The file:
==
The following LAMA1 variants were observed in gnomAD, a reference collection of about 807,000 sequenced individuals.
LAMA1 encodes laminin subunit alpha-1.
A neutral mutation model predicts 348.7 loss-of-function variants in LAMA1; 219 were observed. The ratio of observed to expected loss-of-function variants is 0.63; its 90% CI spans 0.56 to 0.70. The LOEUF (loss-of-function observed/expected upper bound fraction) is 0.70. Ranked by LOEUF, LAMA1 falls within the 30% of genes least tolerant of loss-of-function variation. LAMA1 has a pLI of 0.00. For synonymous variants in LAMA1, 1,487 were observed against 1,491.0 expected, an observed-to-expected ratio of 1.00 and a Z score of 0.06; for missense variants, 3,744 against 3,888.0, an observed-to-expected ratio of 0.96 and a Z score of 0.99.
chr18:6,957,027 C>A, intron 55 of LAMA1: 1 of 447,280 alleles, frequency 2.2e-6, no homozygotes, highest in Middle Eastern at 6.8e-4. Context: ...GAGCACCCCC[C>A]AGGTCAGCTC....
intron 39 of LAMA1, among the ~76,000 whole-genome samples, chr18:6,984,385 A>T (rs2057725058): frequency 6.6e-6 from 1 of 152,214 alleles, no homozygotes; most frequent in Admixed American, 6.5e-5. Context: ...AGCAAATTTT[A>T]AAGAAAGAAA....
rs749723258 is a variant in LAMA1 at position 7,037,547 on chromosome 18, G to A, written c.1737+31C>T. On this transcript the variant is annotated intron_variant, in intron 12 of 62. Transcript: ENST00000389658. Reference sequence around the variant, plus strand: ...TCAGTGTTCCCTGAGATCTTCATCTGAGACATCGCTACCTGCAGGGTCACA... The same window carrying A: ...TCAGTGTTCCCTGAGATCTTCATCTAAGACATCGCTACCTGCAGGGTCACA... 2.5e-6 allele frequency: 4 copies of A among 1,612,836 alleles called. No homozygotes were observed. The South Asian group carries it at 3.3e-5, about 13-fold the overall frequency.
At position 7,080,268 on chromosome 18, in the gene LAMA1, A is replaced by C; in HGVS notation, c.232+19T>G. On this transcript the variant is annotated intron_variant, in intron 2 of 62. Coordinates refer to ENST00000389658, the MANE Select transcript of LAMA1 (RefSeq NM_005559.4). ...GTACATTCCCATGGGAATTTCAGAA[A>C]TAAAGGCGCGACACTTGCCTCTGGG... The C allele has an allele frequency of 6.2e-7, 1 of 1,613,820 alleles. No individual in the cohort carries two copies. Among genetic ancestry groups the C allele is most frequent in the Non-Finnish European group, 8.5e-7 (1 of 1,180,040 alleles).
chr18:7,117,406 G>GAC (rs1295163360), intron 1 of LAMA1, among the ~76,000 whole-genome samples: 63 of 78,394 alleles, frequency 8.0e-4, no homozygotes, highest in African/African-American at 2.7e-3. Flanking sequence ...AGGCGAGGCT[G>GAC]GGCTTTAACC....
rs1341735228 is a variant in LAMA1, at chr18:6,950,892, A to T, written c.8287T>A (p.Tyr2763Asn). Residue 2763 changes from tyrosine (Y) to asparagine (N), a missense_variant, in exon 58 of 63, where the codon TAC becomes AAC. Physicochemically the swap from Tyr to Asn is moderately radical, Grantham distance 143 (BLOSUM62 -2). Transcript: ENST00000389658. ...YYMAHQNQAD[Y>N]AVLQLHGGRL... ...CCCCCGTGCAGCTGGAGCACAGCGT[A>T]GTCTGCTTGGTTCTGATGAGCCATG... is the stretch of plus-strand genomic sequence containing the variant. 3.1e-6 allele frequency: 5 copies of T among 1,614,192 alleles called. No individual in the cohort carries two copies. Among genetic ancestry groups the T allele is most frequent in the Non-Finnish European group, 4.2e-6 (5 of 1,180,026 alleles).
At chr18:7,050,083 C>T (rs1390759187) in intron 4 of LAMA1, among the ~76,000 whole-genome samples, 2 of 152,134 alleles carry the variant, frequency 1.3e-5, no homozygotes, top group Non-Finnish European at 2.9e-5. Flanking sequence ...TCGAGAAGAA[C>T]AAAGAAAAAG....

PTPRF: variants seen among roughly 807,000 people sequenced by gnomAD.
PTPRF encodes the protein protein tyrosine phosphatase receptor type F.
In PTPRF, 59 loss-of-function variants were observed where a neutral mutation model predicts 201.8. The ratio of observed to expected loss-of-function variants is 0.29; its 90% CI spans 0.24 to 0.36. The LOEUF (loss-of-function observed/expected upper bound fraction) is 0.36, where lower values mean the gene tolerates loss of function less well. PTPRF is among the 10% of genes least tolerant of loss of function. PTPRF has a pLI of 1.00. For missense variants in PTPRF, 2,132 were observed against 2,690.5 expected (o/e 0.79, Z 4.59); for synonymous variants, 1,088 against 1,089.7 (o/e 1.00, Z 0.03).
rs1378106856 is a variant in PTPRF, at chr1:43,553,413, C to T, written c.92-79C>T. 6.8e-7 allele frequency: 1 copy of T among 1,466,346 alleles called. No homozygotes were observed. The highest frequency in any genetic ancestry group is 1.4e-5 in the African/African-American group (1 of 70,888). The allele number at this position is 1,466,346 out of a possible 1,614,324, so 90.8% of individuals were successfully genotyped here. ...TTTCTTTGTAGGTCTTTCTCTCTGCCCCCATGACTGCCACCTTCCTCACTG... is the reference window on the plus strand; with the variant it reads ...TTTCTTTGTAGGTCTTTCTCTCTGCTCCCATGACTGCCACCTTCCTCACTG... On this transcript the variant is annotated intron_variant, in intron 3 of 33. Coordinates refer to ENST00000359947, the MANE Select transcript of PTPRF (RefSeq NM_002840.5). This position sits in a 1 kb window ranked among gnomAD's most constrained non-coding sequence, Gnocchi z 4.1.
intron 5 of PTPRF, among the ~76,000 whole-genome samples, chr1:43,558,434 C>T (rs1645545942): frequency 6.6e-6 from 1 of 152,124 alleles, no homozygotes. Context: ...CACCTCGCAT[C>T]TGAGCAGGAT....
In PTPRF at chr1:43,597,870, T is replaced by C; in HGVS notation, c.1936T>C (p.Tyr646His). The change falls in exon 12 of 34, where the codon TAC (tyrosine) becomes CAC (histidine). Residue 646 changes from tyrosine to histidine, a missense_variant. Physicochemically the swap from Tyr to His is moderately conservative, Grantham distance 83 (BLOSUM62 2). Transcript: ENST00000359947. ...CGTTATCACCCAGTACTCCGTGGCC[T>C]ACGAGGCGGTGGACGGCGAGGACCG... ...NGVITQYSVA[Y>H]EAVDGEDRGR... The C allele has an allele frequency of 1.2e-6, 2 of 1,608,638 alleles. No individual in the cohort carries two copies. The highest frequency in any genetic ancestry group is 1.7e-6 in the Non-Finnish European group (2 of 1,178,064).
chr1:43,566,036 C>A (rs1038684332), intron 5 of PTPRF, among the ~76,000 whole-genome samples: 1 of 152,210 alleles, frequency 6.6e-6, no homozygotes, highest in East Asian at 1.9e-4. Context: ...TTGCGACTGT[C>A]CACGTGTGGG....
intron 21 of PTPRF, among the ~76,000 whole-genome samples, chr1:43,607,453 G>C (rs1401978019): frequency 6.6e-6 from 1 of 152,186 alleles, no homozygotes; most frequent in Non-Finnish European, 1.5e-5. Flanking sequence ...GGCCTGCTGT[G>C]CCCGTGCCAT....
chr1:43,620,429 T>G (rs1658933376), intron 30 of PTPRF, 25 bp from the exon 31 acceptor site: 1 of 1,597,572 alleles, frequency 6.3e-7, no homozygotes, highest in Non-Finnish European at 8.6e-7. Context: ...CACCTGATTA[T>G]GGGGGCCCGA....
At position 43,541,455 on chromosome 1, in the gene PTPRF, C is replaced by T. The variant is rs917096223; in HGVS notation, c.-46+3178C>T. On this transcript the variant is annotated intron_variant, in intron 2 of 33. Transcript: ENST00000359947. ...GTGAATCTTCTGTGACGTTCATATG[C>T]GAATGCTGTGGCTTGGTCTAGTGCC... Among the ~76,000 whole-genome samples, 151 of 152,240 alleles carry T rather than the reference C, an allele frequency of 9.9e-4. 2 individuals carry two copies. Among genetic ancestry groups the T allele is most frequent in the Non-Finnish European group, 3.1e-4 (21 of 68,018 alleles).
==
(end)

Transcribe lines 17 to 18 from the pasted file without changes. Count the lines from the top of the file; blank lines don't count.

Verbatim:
chr1:43,566,036 C>A (rs1038684332), intron 5 of PTPRF, among the ~76,000 whole-genome samples: 1 of 152,210 alleles, frequency 6.6e-6, no homozygotes, highest in East Asian at 1.9e-4. Context: ...TTGCGACTGT[C>A]CACGTGTGGG....
intron 21 of PTPRF, among the ~76,000 whole-genome samples, chr1:43,607,453 G>C (rs1401978019): frequency 6.6e-6 from 1 of 152,186 alleles, no homozygotes; most frequent in Non-Finnish European, 1.5e-5. Flanking sequence ...GGCCTGCTGT[G>C]CCCGTGCCAT....